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This is part 2 of 2 of my mini-series. Last time we discussed tripping and getting lost.
Trail running can be truly amazing.
But it can also be a little intimidating for newer runners. Trail running will get you out in nature and into some of the most beautiful parts around, but it can also be more wild and unpredictable than the roads.
Don’t be afraid of trail running, but a little knowledge and some advance planning will make the experience even more amazing.
Part 2 is more ‘things you should be aware of’ than ‘fears,’ really. Not to scare anyone away, but these are things you might not know you should be afraid of/aware of. Knowing about them and preparing will make your trail experience even better.
(More) Common Trail Fears
Bears, cougars, snakes, oh my!
A few years back I was doing a trail run on my own in a state park in Marin County. In an open, sunny patch I saw a very large snake coiled up and sunning itself. After a very undignified squeal/scream, I soon realized I didn’t know what snakes are in the area. I didn’t know if any of them are poisonous or what I should do if I came across one. (I later found out it was likely a harmless gopher snake).
Learn what critters lurk in your area. Learn what can hurt you and what won’t. Find out what to do if you come across them. Most parks have information on local animals, the time of day they are likely to be active and what to do if you run into them at the park visitor center, trail heads, and/or website.
And pay attention when you are on the trail.
Another critter concern, but ticks are more a matter if when, not if, you’ll have to deal with them.
Running in the center of the trail and always wearing a hat have been my successful prevention methods so far, but I won’t pretend to be particularly knowledgeable on ticks. I’ll send you over to the Centers for Disease Control for more information.
And pay attention!
Poison Oak/Poison Ivy
If you react to these plants, this is another matter of when, not if. And if you don’t react, consider yourself lucky.
Like my grandfather before me, if I even look at poison oak I start to itch, so this my biggest struggle being a trail runner. I could write a thesis on dealing with poison oak. I was going to post a picture of the last time I was devoured by it, but it was just too gross and would give people nightmares.
Not coming into contact with the plants is the key here. Depending on the temperature, long sleeves and long pants are great protection. In warmer weather, Arm Sleeves or arm warmers and calf compression sleeves, can provide some coverage without quite as much warmth.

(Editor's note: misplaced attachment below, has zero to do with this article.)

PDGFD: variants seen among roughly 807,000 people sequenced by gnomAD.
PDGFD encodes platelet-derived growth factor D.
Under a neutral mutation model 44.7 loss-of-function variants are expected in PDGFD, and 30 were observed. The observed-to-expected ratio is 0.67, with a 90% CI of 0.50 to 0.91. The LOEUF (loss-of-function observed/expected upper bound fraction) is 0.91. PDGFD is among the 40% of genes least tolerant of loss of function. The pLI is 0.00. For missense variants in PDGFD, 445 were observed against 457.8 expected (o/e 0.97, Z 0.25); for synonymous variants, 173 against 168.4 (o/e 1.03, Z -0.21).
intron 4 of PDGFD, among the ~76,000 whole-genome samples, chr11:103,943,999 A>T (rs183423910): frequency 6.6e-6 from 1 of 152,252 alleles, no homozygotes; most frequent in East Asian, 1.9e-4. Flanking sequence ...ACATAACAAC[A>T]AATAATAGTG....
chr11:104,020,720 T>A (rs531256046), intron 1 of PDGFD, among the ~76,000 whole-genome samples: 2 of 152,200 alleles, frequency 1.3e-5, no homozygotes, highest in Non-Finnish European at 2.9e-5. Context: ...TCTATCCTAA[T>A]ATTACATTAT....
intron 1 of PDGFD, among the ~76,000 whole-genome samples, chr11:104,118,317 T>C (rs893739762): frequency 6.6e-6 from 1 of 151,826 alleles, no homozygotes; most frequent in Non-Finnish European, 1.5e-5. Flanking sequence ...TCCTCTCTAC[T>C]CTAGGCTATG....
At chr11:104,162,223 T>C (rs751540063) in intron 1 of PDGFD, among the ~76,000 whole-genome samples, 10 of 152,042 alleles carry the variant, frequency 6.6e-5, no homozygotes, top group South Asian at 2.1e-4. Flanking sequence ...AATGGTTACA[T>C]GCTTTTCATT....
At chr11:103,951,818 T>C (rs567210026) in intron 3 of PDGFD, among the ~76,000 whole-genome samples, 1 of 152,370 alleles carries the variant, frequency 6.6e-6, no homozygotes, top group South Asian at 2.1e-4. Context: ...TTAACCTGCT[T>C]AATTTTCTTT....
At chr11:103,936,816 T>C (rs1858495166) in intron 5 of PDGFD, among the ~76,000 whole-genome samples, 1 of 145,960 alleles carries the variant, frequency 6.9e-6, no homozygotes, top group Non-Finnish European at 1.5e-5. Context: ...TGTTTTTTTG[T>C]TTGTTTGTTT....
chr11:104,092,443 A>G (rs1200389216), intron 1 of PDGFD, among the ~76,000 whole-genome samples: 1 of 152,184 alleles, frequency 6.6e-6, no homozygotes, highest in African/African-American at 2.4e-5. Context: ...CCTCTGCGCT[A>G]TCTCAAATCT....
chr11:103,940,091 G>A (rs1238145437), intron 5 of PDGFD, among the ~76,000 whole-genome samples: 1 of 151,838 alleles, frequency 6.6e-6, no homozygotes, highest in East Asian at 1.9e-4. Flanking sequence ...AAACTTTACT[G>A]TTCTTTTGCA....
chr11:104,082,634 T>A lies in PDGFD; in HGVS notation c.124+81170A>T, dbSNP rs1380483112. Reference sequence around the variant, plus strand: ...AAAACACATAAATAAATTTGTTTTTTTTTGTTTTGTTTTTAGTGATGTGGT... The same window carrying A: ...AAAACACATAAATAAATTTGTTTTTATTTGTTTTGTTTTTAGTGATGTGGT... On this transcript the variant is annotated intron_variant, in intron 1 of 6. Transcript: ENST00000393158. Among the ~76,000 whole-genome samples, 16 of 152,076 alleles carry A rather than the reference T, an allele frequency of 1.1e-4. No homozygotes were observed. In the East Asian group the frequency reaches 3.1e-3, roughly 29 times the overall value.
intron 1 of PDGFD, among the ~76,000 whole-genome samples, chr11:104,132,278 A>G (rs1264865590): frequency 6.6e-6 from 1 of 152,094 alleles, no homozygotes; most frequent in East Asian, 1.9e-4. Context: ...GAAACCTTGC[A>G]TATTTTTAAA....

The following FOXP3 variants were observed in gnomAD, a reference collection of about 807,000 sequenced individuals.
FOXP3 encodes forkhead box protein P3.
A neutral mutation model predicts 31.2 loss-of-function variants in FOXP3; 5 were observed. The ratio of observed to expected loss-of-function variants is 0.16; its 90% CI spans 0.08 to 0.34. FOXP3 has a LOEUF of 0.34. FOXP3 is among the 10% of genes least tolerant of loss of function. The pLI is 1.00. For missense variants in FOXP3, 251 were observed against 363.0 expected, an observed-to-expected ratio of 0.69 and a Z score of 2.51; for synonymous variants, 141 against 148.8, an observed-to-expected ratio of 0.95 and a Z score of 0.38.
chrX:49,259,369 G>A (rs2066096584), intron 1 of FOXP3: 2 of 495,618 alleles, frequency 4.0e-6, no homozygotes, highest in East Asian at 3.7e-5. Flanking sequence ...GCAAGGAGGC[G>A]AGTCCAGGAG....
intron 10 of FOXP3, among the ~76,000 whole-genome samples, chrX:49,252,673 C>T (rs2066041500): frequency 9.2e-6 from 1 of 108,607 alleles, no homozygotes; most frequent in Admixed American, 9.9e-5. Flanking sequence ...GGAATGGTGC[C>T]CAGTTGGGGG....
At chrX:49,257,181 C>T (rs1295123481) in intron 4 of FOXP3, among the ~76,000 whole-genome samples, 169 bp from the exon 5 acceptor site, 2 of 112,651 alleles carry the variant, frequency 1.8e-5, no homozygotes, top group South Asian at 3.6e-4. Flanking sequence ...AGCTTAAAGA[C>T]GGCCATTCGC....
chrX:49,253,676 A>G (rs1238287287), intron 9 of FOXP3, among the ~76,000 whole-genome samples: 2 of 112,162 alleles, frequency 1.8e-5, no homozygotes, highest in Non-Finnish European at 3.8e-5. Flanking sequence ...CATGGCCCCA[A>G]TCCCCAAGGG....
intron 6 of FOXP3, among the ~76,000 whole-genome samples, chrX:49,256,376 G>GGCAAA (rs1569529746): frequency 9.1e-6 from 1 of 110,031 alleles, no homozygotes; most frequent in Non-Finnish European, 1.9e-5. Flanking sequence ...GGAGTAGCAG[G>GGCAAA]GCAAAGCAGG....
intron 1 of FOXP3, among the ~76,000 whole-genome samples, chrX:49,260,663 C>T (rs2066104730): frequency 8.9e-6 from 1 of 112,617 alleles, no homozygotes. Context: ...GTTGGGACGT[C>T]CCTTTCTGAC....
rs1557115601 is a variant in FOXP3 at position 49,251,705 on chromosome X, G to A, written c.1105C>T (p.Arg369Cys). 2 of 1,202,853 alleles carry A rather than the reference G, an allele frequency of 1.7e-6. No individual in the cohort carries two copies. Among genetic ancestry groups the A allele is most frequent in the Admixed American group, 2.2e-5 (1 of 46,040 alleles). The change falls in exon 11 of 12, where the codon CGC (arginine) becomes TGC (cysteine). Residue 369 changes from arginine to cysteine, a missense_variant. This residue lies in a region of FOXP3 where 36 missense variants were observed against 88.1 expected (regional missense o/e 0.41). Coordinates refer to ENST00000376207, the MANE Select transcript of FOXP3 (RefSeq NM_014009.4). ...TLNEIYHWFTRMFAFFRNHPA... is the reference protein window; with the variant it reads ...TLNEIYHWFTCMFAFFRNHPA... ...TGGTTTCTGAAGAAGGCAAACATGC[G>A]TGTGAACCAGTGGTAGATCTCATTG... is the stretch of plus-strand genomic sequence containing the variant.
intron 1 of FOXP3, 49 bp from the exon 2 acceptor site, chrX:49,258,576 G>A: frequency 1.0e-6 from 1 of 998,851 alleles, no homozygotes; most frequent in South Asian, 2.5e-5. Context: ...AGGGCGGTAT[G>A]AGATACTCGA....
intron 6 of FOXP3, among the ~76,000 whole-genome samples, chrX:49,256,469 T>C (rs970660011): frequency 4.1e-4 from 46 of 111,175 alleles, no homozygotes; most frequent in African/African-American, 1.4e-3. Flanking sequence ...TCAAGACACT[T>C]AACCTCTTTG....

Learn to identify the plants in your area. Most parks that have poisonous plants have identifying pictures near trail heads.
After a run, I swear by Tecnu Original Poison Oak & Ivy Outdoor Skin Cleanser. Tecnu is a wash (found at any drug store or outdoor store) used to remove the oils that cause the rash after coming into contact with the leaves. There are other wash options out there, but I can’t speak to their efficacy. I keep Tecnu in my car and scrub down my legs after every run, whether I saw any poison oak or not. This is probably excessive, but better safe than sorry.
I don’t know about poison ivy or poison sumac, but poison oak can take up to two weeks to start to itch. If there is any chance you were exposed, don’t be lulled into a false sense of security if you aren’t itchy by the time you are back to your car.
If all else fails and the itching starts, break out the Calamine Lotion and be prepared for oozing.
There will be oozing.
Health and Safety
This is one area that I get uncomfortable even thinking about. But you (and I) have to think about it. Medical emergencies are always bad, but on the trail, you are often out of cell phone range and EMTs can be a long time responding, even during races. And while rare, assaults and robberies can happen as well.
This is an area where you need to be prepared before ever putting on your running shoes. Take a Red Cross first aid course, a wilderness first aid course (I took mine at REI which is done in conjunction with the National Outdoor Leadership School), and a self-defense course.
It’s a skill set I hope I never have to use, but I am very glad that I have it.
Health and safety concerns are another reason it is best to not run alone. There is safety in numbers and more people will be around to help if the need arises.
Oh yeah, stay aware of your surroundings and stay alert!
I hope I didn’t scare anyone away from trying the trail. Be prepared, and remember to stop occasionally to enjoy the view.
Any lessons you have learned on the trail that others should be aware of and prepared for?